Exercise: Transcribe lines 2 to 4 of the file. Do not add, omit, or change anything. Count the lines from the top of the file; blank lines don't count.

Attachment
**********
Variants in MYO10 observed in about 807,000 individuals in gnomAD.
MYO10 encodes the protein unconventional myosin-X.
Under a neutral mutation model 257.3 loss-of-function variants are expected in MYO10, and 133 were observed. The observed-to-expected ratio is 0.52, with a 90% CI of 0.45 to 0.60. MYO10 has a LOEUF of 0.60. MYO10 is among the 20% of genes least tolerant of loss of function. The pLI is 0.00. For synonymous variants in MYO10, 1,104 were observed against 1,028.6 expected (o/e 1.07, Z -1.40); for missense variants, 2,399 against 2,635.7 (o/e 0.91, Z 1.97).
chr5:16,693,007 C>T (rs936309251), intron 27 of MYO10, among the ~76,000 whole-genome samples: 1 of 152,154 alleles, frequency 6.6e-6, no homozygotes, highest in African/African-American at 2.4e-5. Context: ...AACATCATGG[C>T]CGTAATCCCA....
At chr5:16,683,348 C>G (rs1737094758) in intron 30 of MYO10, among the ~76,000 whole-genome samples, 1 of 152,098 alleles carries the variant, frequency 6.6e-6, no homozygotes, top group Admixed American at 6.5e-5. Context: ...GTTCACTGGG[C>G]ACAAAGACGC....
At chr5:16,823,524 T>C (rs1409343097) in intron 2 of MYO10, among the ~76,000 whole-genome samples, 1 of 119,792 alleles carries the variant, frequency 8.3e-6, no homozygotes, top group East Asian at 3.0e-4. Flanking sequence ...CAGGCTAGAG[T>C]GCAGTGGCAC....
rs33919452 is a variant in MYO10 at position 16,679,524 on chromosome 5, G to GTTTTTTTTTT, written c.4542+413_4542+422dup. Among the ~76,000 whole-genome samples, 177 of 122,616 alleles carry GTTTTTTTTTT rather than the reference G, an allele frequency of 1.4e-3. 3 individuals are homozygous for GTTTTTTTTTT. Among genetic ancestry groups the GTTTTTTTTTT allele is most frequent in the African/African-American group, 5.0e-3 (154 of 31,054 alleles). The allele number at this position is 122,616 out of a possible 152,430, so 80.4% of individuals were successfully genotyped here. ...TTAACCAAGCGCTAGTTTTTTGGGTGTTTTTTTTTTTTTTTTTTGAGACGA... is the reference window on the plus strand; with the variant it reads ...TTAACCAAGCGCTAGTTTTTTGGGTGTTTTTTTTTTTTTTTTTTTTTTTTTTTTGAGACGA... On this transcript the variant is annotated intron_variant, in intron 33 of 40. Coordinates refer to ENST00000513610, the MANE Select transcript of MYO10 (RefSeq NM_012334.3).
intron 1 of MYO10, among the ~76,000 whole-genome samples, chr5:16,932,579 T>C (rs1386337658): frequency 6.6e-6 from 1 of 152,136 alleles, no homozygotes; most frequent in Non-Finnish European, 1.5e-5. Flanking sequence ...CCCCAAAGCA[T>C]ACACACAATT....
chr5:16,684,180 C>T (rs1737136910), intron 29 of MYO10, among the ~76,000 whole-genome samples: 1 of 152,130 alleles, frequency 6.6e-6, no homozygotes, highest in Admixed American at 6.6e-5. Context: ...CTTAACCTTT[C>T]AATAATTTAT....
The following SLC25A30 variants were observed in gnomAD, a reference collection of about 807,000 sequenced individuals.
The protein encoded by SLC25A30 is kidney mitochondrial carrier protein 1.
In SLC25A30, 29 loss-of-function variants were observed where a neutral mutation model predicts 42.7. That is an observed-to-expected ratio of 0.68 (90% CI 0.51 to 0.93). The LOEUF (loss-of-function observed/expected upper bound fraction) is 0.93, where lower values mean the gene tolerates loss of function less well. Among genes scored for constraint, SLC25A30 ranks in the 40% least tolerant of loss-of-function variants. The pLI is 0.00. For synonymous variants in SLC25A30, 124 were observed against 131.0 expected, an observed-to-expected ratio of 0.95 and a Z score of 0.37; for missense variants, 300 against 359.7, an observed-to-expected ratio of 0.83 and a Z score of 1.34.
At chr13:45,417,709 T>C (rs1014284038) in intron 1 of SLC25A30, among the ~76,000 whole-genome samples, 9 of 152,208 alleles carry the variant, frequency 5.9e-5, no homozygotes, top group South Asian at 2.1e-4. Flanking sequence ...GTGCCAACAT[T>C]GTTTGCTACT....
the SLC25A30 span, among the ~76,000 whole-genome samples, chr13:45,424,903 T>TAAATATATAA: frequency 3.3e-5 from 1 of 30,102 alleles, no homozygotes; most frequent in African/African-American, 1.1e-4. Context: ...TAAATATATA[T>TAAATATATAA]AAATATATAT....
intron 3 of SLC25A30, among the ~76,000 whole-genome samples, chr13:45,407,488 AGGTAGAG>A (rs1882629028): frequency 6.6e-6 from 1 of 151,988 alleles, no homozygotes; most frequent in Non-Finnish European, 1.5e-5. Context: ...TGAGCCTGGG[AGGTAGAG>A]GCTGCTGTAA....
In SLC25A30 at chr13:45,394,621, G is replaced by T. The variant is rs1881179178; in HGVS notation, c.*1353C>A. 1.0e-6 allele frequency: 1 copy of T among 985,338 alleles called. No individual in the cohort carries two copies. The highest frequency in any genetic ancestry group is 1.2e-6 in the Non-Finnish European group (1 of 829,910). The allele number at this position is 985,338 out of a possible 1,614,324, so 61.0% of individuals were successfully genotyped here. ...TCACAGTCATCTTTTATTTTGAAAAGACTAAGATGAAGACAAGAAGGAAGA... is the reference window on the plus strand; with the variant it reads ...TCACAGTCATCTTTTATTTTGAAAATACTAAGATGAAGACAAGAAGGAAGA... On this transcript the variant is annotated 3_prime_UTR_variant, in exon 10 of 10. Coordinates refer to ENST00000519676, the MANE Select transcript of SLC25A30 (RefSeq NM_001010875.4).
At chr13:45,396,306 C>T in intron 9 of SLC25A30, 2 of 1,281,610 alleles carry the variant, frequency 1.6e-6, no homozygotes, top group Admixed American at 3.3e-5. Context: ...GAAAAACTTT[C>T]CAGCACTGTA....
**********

MYO10 encodes the protein unconventional myosin-X.
Under a neutral mutation model 257.3 loss-of-function variants are expected in MYO10, and 133 were observed. The observed-to-expected ratio is 0.52, with a 90% CI of 0.45 to 0.60. MYO10 has a LOEUF of 0.60. MYO10 is among the 20% of genes least tolerant of loss of function. The pLI is 0.00. For synonymous variants in MYO10, 1,104 were observed against 1,028.6 expected (o/e 1.07, Z -1.40); for missense variants, 2,399 against 2,635.7 (o/e 0.91, Z 1.97).
chr5:16,693,007 C>T (rs936309251), intron 27 of MYO10, among the ~76,000 whole-genome samples: 1 of 152,154 alleles, frequency 6.6e-6, no homozygotes, highest in African/African-American at 2.4e-5. Context: ...AACATCATGG[C>T]CGTAATCCCA....